Pfizer claims COVID-19 vaccine is looking 90% effective
Pfizer said Monday that an early peek at the data on its coronavirus vaccine suggests the shots may be a robust 90% effective at preventing COVID-19, putting the company on track to apply later this month for emergency-use approval from the Food and Drug Administration.
The announcement, less than a week after a presidential election that was seen as a referendum on President Donald Trump's handling of the crisis, was a rare and major piece of encouraging news lately in the battle against the scourge that has killed more than 1.2 million people worldwide, including almost a quarter-million in the U.S. alone. Pharmaceutical companies and various countries are in a global race to develop a vaccine against the virus.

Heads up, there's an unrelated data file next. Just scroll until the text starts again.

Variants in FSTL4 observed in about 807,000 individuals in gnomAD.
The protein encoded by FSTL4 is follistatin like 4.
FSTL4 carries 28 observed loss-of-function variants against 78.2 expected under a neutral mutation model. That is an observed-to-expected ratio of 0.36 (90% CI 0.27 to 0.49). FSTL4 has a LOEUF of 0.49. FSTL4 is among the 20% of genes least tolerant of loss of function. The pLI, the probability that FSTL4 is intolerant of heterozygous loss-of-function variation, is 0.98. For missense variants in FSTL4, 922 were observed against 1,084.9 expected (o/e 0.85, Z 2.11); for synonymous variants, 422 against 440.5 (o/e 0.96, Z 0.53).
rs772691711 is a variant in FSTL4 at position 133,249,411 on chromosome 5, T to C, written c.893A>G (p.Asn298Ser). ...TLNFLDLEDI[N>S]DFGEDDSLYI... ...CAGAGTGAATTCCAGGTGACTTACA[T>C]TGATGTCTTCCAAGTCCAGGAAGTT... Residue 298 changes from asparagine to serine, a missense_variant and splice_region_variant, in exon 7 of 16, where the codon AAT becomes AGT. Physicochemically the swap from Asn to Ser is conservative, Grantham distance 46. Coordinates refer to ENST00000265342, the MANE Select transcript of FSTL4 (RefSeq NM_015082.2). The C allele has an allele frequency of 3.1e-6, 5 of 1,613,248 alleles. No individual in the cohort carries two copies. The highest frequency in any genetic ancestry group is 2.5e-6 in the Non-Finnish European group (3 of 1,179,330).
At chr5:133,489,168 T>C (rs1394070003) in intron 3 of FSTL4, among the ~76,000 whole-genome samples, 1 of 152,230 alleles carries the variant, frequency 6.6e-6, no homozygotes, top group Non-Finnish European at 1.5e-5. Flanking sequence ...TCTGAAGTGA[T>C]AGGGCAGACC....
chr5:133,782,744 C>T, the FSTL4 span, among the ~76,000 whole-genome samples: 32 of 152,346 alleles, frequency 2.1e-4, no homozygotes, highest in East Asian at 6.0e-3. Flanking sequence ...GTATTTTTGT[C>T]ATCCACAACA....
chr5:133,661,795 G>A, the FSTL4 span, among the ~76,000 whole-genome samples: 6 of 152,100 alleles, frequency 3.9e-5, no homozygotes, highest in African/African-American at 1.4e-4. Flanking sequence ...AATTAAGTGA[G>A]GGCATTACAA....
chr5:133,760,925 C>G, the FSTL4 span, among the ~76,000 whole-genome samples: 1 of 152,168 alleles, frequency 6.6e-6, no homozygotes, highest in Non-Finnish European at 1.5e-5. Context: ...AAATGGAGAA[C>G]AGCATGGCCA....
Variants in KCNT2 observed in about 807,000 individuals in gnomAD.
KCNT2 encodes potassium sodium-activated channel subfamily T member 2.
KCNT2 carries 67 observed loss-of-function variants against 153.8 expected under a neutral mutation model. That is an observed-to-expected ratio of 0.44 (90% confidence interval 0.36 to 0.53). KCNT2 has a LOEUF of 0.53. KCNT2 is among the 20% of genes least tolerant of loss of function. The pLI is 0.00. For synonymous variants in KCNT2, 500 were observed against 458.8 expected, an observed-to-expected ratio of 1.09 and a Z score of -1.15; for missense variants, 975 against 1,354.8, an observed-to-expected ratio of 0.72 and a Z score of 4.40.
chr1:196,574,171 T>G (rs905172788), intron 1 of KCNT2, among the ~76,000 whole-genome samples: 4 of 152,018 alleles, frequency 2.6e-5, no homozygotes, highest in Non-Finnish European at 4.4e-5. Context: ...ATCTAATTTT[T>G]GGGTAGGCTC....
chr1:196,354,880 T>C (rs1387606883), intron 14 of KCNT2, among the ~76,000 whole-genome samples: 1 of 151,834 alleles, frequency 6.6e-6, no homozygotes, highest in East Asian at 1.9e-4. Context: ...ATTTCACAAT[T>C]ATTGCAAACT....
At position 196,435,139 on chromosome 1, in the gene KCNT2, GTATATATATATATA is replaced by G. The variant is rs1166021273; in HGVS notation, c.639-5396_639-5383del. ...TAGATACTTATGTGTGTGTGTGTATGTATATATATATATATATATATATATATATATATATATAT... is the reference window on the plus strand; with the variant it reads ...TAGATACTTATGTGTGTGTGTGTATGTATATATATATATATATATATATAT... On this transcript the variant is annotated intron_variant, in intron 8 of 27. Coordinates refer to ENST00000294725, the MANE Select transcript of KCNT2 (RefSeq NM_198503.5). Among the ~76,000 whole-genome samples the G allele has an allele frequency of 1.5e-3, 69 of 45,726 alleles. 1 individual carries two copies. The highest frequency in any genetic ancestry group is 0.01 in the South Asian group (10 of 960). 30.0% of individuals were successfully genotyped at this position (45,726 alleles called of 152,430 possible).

"We're in a position potentially to be able to offer some hope," Dr. Bill Gruber, Pfizer's senior vice-president of clinical development, told The Associated Press. "We're very encouraged."
Monday's announcement doesn't mean a vaccine is imminent: This interim analysis, from an independent data monitoring board, looked at 94 infections recorded so far in a study that has enrolled nearly 44,000 people in the U.S. and five other countries. Some participants got the vaccine, while others got dummy shots.
Pfizer Inc. did not provide any more details about those infections and cautioned that the initial protection rate might change by the time the study ends. Even revealing such early data is highly unusual.
Authorities have stressed it's unlikely any vaccine will arrive much before the end of the year, and initial supplies will be rationed.
-- with files from CTV News --